As a nurse and a case manager, I am aware of the post-operative needs of surgical patients. One of the main topics of interest among patients is to go back to their regular lifestyle as soon as possible. To help decrease the length of stay in the hospital, discharge preparation before an elective orthopedic surgery should be considered.
For example, if an orthopedic surgeon prefers outpatient rehabilitation, then pre-arranged outpatient therapy visits can be performed. Also, medications such as anticoagulants and pain medication can be ordered and filled before surgery. Some health plans require prior authorization of these drugs which can increase the length of stay in the hospital. Unfortunately, some insurance companies do not expedite the approval process when patients are in the hospital.
Furthermore, if there is a risk that a patient may need a skilled nursing facility upon discharge, the family can start touring nursing homes. Typically, families and patients take a long time to decide which institution they want to go. I have found that one of the significant delays in discharge is due to indecisive families.
The additional benefit of proactive discharge planning is knowing what the out of pocket expenses will be for the patient. For example, I had a patient that had to discharge with Lovenox. This patient had to pay for 1K for a one month supply. This patient refused to pay the money for this drug which meant that they doctor had to change the medication to a more affordable one. As simple as this sounds, this process took several days. The drug prescription had to be prior authorized and then medication costs were determined afterward.
In addition to all the above, what patients want the most is the availability of the physician. Sometimes something as simple as a phone call right after discharge just to check on the patient means a lot. When I had elective surgery, my doctor called me on the same night I was released and a few days afterward. Although we have nurses who perform post-discharge calls, it means much more when the doctor reaches out directly to the patient. Also, in our institution, the patients can email their physicians with a simple question such as, “Can I have a refill?” The convenience of speaking to the doctor via email has helped increase patient satisfaction in my institution.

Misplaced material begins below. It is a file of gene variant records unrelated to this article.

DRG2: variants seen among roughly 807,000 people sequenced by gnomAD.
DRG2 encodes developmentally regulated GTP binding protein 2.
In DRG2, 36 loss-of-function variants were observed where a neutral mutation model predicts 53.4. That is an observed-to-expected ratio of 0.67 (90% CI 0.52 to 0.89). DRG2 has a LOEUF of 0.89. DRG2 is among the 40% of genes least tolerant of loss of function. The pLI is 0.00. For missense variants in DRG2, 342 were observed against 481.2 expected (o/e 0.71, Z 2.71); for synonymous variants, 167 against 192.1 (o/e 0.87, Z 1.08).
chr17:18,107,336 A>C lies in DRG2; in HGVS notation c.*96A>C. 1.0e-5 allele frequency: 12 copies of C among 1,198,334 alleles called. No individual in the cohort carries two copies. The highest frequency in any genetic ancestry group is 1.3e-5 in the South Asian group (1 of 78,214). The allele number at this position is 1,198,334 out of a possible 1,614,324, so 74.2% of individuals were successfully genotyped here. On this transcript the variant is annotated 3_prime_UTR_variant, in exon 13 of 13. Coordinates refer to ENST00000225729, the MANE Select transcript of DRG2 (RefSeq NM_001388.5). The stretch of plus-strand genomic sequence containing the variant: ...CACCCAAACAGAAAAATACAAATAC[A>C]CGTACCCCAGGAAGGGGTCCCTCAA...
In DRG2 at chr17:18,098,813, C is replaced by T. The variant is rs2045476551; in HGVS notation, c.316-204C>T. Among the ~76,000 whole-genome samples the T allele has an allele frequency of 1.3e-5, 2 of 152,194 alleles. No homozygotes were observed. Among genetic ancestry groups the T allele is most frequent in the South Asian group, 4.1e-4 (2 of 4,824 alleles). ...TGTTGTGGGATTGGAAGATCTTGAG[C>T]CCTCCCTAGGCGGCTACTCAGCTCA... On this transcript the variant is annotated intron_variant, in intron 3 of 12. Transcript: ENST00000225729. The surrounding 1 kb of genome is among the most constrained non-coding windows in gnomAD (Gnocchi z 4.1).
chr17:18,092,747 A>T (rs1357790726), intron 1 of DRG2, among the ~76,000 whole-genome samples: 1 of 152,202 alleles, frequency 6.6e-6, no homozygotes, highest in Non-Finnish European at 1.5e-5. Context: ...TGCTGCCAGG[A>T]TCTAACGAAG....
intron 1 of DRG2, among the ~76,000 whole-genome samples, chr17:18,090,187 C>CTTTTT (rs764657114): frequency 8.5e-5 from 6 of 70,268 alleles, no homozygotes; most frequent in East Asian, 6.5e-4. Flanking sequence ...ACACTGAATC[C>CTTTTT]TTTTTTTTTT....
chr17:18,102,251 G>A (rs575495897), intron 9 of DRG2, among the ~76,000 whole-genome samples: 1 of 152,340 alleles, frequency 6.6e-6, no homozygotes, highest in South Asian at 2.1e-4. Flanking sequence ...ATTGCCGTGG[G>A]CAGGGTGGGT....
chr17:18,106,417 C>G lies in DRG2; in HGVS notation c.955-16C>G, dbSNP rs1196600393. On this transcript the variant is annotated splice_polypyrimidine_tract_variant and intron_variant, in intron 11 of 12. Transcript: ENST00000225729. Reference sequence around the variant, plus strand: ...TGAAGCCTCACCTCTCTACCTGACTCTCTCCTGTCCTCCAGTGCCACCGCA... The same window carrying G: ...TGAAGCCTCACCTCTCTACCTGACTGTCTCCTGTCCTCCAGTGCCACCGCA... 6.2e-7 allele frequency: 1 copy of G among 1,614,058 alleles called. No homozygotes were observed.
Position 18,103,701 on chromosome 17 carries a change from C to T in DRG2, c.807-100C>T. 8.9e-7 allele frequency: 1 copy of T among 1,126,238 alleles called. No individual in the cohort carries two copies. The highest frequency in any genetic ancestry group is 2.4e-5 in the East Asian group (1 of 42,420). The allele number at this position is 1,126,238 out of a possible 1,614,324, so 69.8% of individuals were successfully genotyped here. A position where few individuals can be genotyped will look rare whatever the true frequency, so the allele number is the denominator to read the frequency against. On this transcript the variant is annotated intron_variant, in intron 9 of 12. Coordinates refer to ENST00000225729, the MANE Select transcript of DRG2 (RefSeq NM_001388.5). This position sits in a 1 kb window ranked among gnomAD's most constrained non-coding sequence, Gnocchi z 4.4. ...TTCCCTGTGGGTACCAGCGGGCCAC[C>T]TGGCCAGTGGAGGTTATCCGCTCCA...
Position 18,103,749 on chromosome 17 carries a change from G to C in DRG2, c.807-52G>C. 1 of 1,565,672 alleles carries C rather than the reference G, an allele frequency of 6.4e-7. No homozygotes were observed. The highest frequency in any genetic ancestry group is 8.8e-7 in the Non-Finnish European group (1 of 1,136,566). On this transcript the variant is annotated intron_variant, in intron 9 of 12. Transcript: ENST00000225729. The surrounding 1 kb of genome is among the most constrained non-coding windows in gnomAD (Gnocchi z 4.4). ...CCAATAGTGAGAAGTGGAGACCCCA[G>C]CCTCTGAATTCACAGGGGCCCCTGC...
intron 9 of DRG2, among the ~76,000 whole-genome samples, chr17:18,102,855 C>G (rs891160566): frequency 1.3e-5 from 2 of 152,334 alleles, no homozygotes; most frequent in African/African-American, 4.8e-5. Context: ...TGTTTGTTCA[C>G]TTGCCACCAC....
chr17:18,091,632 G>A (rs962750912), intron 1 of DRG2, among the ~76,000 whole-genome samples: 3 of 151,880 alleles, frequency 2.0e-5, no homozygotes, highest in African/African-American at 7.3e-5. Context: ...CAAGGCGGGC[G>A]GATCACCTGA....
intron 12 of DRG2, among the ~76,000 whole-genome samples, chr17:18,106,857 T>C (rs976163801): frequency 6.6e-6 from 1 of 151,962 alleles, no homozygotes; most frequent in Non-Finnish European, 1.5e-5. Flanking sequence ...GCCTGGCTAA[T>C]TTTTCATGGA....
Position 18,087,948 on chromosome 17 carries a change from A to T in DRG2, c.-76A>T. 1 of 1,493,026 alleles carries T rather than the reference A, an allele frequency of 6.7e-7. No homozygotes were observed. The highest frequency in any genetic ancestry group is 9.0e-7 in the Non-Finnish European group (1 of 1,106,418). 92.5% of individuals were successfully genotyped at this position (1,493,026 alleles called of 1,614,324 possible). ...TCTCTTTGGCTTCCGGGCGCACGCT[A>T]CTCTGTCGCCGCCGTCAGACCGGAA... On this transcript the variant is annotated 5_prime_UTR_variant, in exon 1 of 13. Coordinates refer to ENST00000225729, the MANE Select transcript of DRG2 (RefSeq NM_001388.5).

When a patient is in the hospital, the most significant patient concern is the amount of time the surgeon sees the patient. There are many times that my patients have complained that they barely got to see or talk to their doctors. I had one patient who stated, “Can you ask if my surgeon can sit down with me for a few minutes?” As a nurse, I know that doctors are busy. However, taking the time just to say, “Before I leave, is there any questions or concerns you have?”, means a lot to patients.
I have many patients who have stated they loved their surgeon simply because they took out the films and explained what they meant. In my sixteen years as a nurse and as a patient myself, the doctors that the patients liked the most were the ones who showed that they cared. Patients want to feel like they are people and not just another patient. There are many times in the healthcare industry that we are pushed to produce and excel. Sometimes we are running so fast that we lose focus. Our patients are our livelihood. As long as everyone in healthcare remembers that important piece, we will have positive patient satisfaction.
2016 Scholarship Finalist
Chula Vista, California
The final question on the application was an essay question.
The essay question was:
How can orthopedic surgeons doing hip and knee replacement surgery improve patient satisfaction?